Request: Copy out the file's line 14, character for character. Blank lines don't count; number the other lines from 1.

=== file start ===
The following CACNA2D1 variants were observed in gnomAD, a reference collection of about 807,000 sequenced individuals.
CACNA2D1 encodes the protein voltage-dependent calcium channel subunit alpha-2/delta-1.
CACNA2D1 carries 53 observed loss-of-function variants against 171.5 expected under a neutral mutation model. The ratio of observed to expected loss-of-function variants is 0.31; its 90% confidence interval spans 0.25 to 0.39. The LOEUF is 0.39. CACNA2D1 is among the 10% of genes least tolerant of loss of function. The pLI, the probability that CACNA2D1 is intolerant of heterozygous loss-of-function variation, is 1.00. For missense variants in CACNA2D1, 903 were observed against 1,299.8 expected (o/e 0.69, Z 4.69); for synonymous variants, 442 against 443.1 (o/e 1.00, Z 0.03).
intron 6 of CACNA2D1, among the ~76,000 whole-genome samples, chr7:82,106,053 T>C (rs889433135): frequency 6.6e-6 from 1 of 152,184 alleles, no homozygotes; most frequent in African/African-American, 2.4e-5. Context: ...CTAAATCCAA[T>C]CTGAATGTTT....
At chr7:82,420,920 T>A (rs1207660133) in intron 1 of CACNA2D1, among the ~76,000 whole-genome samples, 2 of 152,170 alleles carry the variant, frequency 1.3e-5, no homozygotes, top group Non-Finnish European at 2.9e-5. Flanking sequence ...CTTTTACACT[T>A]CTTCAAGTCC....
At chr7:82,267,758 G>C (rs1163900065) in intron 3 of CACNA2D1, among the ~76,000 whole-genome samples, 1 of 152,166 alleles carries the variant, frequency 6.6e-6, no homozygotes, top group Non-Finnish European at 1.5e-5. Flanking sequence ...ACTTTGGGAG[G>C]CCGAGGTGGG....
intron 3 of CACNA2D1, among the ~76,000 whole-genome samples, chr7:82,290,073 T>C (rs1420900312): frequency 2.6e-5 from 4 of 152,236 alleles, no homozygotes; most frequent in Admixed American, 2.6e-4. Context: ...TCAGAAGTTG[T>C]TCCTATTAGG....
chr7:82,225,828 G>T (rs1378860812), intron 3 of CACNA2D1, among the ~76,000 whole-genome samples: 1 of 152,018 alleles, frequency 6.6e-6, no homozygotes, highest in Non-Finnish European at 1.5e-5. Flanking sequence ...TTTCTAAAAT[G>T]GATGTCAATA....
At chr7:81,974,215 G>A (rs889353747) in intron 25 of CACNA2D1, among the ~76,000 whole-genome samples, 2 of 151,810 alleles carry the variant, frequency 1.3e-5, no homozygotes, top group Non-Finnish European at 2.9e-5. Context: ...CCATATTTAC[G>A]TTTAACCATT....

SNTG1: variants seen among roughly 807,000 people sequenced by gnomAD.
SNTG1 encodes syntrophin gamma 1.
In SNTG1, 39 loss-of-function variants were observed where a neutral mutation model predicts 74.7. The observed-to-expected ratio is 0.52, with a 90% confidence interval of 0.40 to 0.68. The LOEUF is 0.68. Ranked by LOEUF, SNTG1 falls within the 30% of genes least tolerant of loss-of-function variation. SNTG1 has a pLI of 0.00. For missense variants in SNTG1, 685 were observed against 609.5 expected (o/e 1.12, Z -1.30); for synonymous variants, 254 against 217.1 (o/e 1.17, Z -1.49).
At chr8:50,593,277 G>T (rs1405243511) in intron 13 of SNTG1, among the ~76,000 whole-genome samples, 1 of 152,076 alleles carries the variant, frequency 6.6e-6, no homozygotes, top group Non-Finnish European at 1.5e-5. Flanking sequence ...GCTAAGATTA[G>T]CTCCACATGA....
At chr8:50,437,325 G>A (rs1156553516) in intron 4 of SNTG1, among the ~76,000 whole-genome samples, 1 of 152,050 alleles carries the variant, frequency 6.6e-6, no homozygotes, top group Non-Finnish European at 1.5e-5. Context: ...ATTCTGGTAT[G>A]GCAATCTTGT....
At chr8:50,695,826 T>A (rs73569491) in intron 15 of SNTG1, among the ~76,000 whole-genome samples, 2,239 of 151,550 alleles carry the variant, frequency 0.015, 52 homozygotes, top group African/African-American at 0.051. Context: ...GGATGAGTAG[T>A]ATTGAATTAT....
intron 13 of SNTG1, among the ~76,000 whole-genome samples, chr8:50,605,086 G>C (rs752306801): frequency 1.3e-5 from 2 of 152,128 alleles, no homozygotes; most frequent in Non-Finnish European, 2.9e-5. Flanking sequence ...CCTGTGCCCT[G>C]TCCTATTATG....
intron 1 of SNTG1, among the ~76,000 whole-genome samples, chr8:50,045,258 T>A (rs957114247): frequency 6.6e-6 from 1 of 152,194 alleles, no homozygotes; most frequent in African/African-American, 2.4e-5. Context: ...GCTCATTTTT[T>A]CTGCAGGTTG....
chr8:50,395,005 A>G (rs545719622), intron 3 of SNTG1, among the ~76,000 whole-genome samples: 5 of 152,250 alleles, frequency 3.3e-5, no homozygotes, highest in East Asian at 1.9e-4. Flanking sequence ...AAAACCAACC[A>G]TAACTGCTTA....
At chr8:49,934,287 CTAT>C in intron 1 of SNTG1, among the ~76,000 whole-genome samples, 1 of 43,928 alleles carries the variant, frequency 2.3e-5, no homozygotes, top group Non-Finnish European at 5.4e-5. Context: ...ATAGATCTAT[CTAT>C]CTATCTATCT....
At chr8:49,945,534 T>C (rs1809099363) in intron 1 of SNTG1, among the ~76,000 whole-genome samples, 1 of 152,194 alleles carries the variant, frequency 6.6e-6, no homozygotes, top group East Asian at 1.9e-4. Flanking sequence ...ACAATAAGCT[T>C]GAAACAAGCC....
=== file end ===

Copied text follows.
At chr8:50,437,325 G>A (rs1156553516) in intron 4 of SNTG1, among the ~76,000 whole-genome samples, 1 of 152,050 alleles carries the variant, frequency 6.6e-6, no homozygotes, top group Non-Finnish European at 1.5e-5. Context: ...ATTCTGGTAT[G>A]GCAATCTTGT....